CTR 536/2014: First approvals and our experience with CTIS (Part 3)

Posted by Dr. Grit Andersen on Jul 12, 2023 9:07:00 AM

As previously reported, the Clinical Trial Information System (CTIS) can help to get a faster approval for a multi-national, multicentre Phase III Study (read here part 1 and part 2 of the REGULATION (EU) No 536/2014 blog series).

However, for Profil as a CRO performing predominantly early phase studies, the timelines foreseen within CTIS are not such an advantage. Therefore, our department of Regulatory Affairs started very early to participate in trainings, information sessions and discussions about CTR and CTIS. Furthermore, to strengthen the conduct of early phase studies in Germany, the German authorities and the ethics committees have been asked to review the approval timelines for monocentric mono-national clinical studies. Although the timelines cannot be adapted within CTIS, there might be recommendations to adhere to as published recently by BfArM [1].

After having submitted either part 1 and 2 ourselves or being the supporting team for a submission performed by a Sponsor or another CRO, we noticed the following general difficulties:

  • Notices and alerts are only provided via CTIS (not noticeable which notices and/ or alerts have been processed already)
  • Timetable is not adapted if responses or requests are entered more rapidly than requested
  • Handling of redacted documents quite tedious (first “for publication” then the redacted version), especially if documents need to be exchanged again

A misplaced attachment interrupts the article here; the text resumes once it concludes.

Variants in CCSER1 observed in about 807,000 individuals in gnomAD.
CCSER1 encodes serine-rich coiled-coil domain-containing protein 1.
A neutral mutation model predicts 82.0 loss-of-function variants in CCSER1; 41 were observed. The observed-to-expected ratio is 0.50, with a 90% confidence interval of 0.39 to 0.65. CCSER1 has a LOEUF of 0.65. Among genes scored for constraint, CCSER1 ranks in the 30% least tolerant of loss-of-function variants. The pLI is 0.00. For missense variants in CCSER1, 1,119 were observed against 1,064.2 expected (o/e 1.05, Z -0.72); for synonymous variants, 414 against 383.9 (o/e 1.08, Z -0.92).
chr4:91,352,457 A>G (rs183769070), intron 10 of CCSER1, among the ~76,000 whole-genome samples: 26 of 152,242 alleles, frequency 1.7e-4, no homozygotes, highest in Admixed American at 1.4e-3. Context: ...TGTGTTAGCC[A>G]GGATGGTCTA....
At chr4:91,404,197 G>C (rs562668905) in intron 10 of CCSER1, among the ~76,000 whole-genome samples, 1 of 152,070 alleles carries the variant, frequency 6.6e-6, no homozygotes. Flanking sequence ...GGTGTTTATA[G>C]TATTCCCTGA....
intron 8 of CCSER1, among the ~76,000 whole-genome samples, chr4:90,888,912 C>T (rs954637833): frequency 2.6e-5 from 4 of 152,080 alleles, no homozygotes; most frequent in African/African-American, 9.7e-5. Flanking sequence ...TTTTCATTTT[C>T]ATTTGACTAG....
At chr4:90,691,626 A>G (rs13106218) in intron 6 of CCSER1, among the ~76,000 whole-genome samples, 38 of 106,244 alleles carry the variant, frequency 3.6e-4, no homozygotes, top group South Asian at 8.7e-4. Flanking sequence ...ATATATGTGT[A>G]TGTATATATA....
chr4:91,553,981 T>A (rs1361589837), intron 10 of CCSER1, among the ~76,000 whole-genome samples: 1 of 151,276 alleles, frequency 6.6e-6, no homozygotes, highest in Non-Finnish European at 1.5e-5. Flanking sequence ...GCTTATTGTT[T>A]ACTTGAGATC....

• If a Request for Information (RFI) is raised for a part 1 document only (e.g. the protocol), but might have an impact on a part 2 document (e.g. the ICF), this document (the ICF) cannot be adapted in one step (due to a missing functionality in CTIS), but requires a substantial modification
  • Complicated download of many (partly unnecessary) documents of a Request for Information (RFI) or report

For a submission in CTIS, two approaches might be used: the organisation-centric approach or the trial-specific approach.

Two approaches

Organisation- and trial-centric approach in CTIS [2

At Profil, we usually work with industrial sponsors. Hence, up to now we used the organisation-centric approach. However, this approach seems to be applied automatically by the system based on the existing data stored in CTIS [2].

The timelines from submission to approval for our early phase studies might take nearly 3 months in case of complex RFIs. Nevertheless, the requests we received so far were easy to implement and more of administrative nature than a contextual challenge. The advantage of the organisation-centric approach is the potential “work-sharing”. As stated above, it is possible to take over the whole responsibility for the submission on behalf of a Sponsor or the different tasks can be allocated to different stakeholders, either at the Sponsor’s organisation or at the supporting CRO.

Looking at the RFIs we received so far, we recommend considering the following:

  • An often referenced document in the clinical trial protocol (not yet submitted) might be requested
  • Blood volume should be indicated in tea- or tablespoons
  • Fields in CTIS not marked with an asterisk as “mandatory” might be requested to be filled out, though
  • The GDPR statement as provided by EMA might be considered not sufficient to cover German expectations
  • The quantification of possible side effects should be clear – e.g. what is meant with "in rare cases"

Needless to say that all stakeholders are still gathering experience, are adapting internal processes and SOPs, and putting together all available information to have as many advantages as possible from a submission in Europe, including Germany.

Topics: Clinical Trials in Diabetes, Clinical Trial Methods